“That was powerful. His message of relationship—righteousness as opposed to rightness—and the importance of it. Be that as it may, people didn’t seem to like him after that, at least not the religious leaders. They thought he was crass and dangerously misguided. A lot of the pastors in the city got together and denied him access to their churches. They wouldn’t let him even visit anymore. They didn’t want their congregations listening to him or being influenced by him.

“Well, this specific day out in the park I noticed a lot of the big time ministers from the city were there standing around. But there was one in particular (I won’t call his name ’cause you might know him) who was talking really loud about the woman who was kneeling there crying. Supposedly they had caught her shacked-up with—” he paused, then continued, “I guess he wouldn’t be her ‘significant other’. Well, let me put it this way, she was a kept woman. Though she was just 19, she was a mistress. Her ‘lover’ was notably absent from the center of attention that day. From what I’ve heard he’s a minister as well, so I guess his colleagues were extending to him a measure of quid pro quo. Each minister was looking out for himself and each other. So they hadn’t called their colleague out, but they had dragged the woman out and were airing all her laundry in public.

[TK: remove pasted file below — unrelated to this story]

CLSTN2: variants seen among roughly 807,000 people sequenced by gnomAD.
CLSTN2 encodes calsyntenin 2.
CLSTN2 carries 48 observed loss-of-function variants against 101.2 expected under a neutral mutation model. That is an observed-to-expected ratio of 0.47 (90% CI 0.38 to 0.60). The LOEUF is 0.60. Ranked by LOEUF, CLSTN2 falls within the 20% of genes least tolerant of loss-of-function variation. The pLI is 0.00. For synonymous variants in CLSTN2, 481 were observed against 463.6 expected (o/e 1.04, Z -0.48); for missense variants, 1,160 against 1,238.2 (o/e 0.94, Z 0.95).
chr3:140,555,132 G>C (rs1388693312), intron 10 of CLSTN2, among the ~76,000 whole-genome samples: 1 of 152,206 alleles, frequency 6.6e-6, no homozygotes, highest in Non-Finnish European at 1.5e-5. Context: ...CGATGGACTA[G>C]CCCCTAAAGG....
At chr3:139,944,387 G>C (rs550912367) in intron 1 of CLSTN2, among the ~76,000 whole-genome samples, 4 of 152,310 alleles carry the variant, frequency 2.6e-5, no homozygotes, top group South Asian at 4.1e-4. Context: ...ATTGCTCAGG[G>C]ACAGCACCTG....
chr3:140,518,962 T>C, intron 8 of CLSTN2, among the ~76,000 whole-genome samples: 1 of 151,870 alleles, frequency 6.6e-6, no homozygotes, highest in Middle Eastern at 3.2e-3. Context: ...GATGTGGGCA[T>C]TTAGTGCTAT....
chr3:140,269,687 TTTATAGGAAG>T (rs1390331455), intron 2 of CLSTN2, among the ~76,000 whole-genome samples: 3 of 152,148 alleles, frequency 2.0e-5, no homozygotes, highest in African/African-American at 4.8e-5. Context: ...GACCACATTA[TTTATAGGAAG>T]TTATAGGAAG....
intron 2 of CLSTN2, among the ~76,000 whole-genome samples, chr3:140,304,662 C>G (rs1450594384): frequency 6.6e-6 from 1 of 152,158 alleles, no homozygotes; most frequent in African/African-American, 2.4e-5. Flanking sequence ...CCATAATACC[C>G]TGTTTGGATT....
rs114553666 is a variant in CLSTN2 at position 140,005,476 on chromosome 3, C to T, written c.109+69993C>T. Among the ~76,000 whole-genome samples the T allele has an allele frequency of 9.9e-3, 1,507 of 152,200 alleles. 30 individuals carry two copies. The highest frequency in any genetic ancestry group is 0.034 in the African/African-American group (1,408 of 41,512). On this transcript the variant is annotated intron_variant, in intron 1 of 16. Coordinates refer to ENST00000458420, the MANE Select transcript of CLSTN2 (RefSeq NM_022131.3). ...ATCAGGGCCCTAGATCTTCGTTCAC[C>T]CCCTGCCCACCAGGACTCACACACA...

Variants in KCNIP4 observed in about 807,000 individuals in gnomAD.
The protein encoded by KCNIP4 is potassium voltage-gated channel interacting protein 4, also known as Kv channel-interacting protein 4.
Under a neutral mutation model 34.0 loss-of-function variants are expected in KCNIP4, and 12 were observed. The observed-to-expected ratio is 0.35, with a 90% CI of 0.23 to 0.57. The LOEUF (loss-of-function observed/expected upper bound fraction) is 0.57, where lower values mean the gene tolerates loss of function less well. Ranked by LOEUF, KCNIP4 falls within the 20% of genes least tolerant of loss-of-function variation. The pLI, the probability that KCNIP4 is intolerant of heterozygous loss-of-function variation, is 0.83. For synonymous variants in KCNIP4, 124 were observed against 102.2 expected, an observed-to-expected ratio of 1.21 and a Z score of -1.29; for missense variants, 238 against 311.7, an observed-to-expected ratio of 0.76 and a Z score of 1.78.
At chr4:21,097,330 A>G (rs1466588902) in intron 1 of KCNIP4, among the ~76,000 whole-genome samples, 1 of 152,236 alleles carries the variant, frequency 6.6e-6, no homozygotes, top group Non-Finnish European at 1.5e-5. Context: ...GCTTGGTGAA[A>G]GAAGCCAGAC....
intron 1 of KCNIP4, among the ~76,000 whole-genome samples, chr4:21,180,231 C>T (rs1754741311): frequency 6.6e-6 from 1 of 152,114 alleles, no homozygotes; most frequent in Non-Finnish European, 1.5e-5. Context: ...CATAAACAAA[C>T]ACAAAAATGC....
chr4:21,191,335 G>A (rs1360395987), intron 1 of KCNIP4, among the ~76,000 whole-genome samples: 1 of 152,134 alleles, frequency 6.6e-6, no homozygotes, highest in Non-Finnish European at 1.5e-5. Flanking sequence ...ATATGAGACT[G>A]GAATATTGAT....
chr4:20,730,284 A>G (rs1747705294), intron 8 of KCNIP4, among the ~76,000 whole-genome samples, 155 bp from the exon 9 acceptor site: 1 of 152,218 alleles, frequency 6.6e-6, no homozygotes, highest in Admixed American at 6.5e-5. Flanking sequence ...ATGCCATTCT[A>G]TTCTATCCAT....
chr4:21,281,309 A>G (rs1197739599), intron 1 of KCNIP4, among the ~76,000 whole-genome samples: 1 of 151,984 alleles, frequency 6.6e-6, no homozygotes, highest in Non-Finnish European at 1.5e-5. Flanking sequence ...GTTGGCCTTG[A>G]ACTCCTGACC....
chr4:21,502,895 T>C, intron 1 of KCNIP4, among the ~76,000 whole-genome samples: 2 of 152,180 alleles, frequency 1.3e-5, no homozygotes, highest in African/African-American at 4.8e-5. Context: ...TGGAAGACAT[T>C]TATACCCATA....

“JC was standing there when the loud, leading minister shoved the woman to JC’s feet and said, ‘This woman is an adulteress. We caught her in the act. She’s breaking up somebody’s home.’ What he didn’t mention was that the woman had just the week before told her ‘lover’ that they were going to have to break it off. The whole performance was probably just an attempt to discredit her before she got any ideas of confessing to her boyfriend’s wife.